Telling Lies: Clues to Deceit in the Marketplace, Politics, and Marriage (英語) ペーパーバック – 2001/9/10
Kindle 端末は必要ありません。無料 Kindle アプリのいずれかをダウンロードすると、スマートフォン、タブレットPCで Kindle 本をお読みいただけます。
Describes gestures and other clues that indicate a person may be lying, explains why people lie, and discusses the controversy surrounding lie detector tests.
Paul Ekman is professor of psychology at the University of California, San Francisco.
Starts off strong and sounds like it will be really scientifically supported. Then it doesn't ever really give much support for anything and gets into some lengthy tangents- Nixon etc. Then towards the end the writer shows his hand and says that yes there is some good technical liecatching techniques he can teach you, but you will have to go to his website to buy that instruction.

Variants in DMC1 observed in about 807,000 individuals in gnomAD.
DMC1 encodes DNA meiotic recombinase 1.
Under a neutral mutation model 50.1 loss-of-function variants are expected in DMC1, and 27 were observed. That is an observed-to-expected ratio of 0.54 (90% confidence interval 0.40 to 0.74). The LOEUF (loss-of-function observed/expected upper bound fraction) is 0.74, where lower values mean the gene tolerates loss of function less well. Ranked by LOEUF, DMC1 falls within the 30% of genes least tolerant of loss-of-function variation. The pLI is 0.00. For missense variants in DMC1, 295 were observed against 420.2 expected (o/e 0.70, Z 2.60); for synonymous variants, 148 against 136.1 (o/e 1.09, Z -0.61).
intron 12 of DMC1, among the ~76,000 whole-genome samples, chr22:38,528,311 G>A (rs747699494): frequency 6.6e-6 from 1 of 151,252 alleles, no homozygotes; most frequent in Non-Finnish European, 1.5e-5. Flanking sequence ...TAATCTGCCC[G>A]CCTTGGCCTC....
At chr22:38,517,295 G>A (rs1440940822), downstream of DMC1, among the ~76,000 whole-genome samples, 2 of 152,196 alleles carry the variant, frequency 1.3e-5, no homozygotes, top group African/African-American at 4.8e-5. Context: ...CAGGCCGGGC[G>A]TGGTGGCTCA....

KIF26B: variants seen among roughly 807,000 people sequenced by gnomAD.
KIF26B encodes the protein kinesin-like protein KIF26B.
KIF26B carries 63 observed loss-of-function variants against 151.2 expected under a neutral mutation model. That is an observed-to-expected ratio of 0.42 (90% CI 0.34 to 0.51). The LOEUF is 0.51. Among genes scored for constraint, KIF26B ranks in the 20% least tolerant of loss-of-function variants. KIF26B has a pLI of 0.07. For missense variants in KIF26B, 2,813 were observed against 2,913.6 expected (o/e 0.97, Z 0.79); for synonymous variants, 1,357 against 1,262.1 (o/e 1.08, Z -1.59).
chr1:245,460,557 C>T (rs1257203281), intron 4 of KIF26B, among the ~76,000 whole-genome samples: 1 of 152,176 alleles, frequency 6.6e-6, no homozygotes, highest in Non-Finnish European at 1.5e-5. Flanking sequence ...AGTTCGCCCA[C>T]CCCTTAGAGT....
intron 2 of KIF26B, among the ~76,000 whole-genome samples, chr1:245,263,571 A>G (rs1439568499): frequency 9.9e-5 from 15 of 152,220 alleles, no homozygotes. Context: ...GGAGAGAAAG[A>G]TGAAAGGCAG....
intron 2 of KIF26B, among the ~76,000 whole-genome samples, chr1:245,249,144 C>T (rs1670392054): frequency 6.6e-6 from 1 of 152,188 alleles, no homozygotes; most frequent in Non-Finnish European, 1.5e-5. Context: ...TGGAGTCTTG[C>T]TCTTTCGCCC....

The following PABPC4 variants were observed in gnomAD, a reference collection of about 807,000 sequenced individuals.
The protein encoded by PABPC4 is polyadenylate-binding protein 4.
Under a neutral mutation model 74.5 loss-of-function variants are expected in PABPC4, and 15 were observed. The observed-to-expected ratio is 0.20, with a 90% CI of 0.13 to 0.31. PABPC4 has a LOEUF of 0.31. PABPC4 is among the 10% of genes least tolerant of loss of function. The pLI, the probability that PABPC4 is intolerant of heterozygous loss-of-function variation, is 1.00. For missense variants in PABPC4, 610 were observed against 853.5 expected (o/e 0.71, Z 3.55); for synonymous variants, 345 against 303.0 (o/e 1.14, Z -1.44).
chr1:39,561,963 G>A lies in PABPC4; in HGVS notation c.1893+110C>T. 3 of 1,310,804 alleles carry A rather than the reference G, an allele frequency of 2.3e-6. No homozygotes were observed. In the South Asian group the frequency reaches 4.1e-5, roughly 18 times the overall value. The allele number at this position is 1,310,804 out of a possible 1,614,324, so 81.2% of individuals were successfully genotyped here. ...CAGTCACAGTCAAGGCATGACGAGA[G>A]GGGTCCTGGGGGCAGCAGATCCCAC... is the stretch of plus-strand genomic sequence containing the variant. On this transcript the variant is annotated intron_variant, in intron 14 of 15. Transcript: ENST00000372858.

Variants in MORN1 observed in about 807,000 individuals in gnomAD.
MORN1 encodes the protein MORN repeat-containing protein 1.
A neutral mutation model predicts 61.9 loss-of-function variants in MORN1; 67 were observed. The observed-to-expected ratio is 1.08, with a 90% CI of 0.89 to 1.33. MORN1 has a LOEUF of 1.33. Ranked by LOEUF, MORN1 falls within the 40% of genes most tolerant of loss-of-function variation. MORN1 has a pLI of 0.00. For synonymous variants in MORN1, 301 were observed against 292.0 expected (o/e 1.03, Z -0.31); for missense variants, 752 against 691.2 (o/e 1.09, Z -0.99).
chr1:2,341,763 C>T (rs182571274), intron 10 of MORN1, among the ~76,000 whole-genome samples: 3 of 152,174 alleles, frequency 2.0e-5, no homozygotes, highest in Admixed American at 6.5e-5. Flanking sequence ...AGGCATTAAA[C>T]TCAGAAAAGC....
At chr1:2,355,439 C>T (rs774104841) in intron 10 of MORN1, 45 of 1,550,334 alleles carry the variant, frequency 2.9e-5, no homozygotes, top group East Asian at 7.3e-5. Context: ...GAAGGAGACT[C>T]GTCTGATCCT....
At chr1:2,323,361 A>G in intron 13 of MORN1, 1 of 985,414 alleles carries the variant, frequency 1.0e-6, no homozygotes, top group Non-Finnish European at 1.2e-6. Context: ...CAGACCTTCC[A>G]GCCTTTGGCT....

His older books are instructional, but his writing is more academic and they are sometimes a dry read. In this book Ekman shines and goes beyond simple instruction and research. Ekman provides an a fun to read analysis of the motivations and techniques of dectecting lies.
The most important message of all in this book is that there is no 100% surefire way to detect lying in everyone all the time. There are methods that are 100% if the person exhibits them, but not everyone does. He is highly critical of those who are trying to sell the world on a boilerplate 100% accurate detection method. His discussion of polygraphs is riveting.
I loaned this book to my daughter and she never gave it back, so that is a 10 star endorsement.
This book has something for everyone and is well written.
The book can't quite get five stars from me. One of the very best features of this book is that the author periodically updates it. It is good to see the progress being made in the field of reading people's expressions. This is a real gift to Ekman's followers. On the down side, I found the book to generally be a bit tedious and a slower read than I wanted. This is a problem mainly with the original edition text. Overall, I am glad that I did read it and own it for reference.